Published in Movies
Wednesday, 04 April 2018 12:49

Game on! – ‘Ready Player One’

The potency of nostalgia is well-documented at this point. It seems as though much of the pop culture we consume these days is inspired by (or straight-up copied from) source material that we already know and love. Revisiting what we loved in the past has become a cottage industry across all entertainment platforms.

And so it’s no surprise that Ernest Cline’s 2011 novel “Ready Player One” would be adapted to the big screen. It’s a story ready-made for the wistful remembrances of the current cultural climate, packed with wave after wave of period-specific nerd references aimed at striking the winsome sweet spot of one particular generation. We do so love to love what we already love.

But when you hand the reigns over to a pop cultural icon like Steven Spielberg, well … that’s when you take things to a whole new level. A level, I might add, that is actually a bit higher than might have been expected for a film like this one. It’s precisely the sort of sci-fi-steeped young-person adventure story at which Spielberg excels. It’s throwbacks within throwbacks within throwbacks – a meta-nostalgic moviegoing experience that in many ways outshines the perfunctory nature of its inspiration.

Published in Movies

One of the realities of Hollywood’s love of sequels, remakes and reboots is that you’re guaranteed a fairly wide range of quality, though history shows that you’re much more likely to get a dud than a diamond. The most effective projects seem to be the ones that can manage to update a property while still retaining the aspects that made them successful in the first place.

That said, be honest – you’ve probably never spoken aloud (or even thought) the sentence “I sure would like to see an updated reboot of the 1995 family film ‘Jumanji’ – preferably starring The Rock.”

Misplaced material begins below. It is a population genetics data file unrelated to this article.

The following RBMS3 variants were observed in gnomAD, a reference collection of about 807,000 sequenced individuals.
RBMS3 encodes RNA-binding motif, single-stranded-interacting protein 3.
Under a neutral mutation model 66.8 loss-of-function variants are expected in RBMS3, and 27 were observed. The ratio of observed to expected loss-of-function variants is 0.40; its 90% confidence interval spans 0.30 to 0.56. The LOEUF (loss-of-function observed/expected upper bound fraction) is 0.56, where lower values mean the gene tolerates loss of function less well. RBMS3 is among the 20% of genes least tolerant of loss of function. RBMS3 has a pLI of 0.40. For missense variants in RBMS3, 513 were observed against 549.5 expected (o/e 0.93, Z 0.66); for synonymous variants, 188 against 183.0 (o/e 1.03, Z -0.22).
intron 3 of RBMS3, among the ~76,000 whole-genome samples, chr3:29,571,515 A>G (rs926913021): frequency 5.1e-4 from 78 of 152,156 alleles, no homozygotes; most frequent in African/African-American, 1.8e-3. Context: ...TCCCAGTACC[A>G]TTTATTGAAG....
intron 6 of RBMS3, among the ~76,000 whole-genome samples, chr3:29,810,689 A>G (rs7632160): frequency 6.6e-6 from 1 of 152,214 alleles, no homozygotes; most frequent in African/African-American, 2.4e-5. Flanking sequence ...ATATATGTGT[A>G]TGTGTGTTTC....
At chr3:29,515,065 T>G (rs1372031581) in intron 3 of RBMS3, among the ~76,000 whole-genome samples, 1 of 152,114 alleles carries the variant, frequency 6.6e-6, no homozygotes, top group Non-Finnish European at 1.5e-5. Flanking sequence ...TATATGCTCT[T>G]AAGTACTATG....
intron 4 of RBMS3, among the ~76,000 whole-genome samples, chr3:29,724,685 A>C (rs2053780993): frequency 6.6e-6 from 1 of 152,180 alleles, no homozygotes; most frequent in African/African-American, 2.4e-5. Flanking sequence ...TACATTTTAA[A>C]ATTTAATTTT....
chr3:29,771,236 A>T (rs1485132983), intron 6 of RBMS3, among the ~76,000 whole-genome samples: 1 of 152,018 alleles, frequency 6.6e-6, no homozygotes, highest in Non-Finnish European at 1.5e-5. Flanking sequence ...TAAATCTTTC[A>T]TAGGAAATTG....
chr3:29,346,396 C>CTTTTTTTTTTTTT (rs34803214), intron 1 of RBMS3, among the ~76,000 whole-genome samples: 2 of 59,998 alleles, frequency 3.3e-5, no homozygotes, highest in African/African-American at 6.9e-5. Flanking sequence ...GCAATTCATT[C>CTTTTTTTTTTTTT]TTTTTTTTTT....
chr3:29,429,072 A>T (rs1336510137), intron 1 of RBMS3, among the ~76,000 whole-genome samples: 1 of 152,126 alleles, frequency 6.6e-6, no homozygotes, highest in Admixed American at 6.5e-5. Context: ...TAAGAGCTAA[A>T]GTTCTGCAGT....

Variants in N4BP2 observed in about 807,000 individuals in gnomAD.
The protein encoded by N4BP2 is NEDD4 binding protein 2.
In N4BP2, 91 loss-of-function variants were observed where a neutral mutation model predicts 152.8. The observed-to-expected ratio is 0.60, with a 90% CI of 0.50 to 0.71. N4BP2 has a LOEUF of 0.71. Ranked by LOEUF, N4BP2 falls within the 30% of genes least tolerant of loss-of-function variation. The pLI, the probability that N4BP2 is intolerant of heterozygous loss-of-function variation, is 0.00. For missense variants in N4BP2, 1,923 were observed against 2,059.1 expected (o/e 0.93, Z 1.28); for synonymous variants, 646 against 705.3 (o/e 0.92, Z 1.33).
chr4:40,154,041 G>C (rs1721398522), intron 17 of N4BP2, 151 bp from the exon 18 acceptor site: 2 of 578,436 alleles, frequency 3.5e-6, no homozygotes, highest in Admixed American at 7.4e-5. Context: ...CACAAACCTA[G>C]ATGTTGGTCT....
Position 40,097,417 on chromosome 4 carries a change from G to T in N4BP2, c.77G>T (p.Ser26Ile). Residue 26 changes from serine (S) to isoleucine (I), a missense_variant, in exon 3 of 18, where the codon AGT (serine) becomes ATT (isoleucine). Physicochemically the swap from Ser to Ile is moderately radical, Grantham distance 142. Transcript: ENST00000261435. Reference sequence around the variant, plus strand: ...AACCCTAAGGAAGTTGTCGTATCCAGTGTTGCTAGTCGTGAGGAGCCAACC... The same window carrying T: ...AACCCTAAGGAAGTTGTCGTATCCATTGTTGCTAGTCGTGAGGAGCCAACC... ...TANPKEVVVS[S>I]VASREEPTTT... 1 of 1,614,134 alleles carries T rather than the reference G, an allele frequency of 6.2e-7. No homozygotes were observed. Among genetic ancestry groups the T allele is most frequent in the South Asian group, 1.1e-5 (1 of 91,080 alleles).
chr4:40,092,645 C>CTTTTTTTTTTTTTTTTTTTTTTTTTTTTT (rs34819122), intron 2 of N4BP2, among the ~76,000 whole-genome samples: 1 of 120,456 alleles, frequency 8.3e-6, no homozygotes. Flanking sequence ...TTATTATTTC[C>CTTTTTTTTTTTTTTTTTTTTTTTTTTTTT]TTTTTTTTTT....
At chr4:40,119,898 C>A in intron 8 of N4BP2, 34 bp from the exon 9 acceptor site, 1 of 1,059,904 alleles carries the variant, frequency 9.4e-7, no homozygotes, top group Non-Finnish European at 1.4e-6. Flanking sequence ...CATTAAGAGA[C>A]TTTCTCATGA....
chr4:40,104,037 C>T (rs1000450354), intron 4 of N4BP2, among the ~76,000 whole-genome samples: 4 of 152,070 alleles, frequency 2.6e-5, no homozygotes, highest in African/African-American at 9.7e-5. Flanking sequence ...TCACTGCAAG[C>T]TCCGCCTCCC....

And yet that’s what we’ve gotten with “Jumanji: Welcome to the Jungle.” It probably seems odd to be getting a movie like this some two decades after the original, but that’s not even the biggest surprise about the whole thing. The biggest surprise?

It’s actually pretty good.

Published in Movies

ALBUQUERQUE, N.M. Fixated on computer screens and video monitors, an army of volunteers scattered across the country has been painstakingly reviewing hundreds of images and hours of footage recorded over the last four months, desperately hoping to find a single clue to the whereabouts of missing treasure hunter Randy Bilyeu.

Published in Adventure
Monday, 12 January 2015 13:51

Adventure Briefs - (01/14/15)

The Benefits of Bats

BANGOR The public is invited to learn about 'The Benefits of Bats' with Katelin Craven on Jan. 15 at 7 p.m.

Published in Press Releases
Tuesday, 02 September 2014 22:32

Come explore Xtreme Adventures

BREWER - There's a new ropes course in Brewer where you can go over the edge - tied securely to a harness, that is. The specially designed course hopes to entertain and excite people of all ages, from grade schoolers to those enjoying their golden years. From the giant swing to the more challenging rings, there are over 40 obstacles to conquer at Xtreme Adventures, all intended to get your adrenalin pumping and your spirit soaring.

When owner Randy Spain thought about ways to maximize on property that he owned in Brewer, he thought of a ropes course.

Published in Adventure

Advertisements

The Maine Edge. All rights reserved. Privacy policy. Terms & Conditions.

Website CMS and Development by Links Online Marketing, LLC, Bangor Maine